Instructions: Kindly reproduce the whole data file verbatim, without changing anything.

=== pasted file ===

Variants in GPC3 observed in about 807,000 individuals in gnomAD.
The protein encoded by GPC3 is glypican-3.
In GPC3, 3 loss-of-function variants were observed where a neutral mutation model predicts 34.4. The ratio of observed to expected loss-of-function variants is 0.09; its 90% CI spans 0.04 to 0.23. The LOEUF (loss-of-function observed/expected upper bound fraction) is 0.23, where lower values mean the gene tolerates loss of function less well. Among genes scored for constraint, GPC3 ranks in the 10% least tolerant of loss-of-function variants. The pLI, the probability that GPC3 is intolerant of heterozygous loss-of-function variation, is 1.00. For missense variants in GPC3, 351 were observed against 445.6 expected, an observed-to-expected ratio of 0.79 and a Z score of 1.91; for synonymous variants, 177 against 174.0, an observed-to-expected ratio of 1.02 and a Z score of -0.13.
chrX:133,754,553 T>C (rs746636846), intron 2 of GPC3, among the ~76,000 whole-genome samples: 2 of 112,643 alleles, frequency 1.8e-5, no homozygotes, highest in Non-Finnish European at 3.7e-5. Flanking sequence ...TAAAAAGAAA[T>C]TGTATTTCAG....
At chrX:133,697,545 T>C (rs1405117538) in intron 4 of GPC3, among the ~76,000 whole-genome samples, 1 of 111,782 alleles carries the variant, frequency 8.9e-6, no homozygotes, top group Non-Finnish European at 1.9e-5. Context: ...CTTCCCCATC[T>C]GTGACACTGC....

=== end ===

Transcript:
Variants in GPC3 observed in about 807,000 individuals in gnomAD.
The protein encoded by GPC3 is glypican-3.
In GPC3, 3 loss-of-function variants were observed where a neutral mutation model predicts 34.4. The ratio of observed to expected loss-of-function variants is 0.09; its 90% CI spans 0.04 to 0.23. The LOEUF (loss-of-function observed/expected upper bound fraction) is 0.23, where lower values mean the gene tolerates loss of function less well. Among genes scored for constraint, GPC3 ranks in the 10% least tolerant of loss-of-function variants. The pLI, the probability that GPC3 is intolerant of heterozygous loss-of-function variation, is 1.00. For missense variants in GPC3, 351 were observed against 445.6 expected, an observed-to-expected ratio of 0.79 and a Z score of 1.91; for synonymous variants, 177 against 174.0, an observed-to-expected ratio of 1.02 and a Z score of -0.13.
chrX:133,754,553 T>C (rs746636846), intron 2 of GPC3, among the ~76,000 whole-genome samples: 2 of 112,643 alleles, frequency 1.8e-5, no homozygotes, highest in Non-Finnish European at 3.7e-5. Flanking sequence ...TAAAAAGAAA[T>C]TGTATTTCAG....
At chrX:133,697,545 T>C (rs1405117538) in intron 4 of GPC3, among the ~76,000 whole-genome samples, 1 of 111,782 alleles carries the variant, frequency 8.9e-6, no homozygotes, top group Non-Finnish European at 1.9e-5. Context: ...CTTCCCCATC[T>C]GTGACACTGC....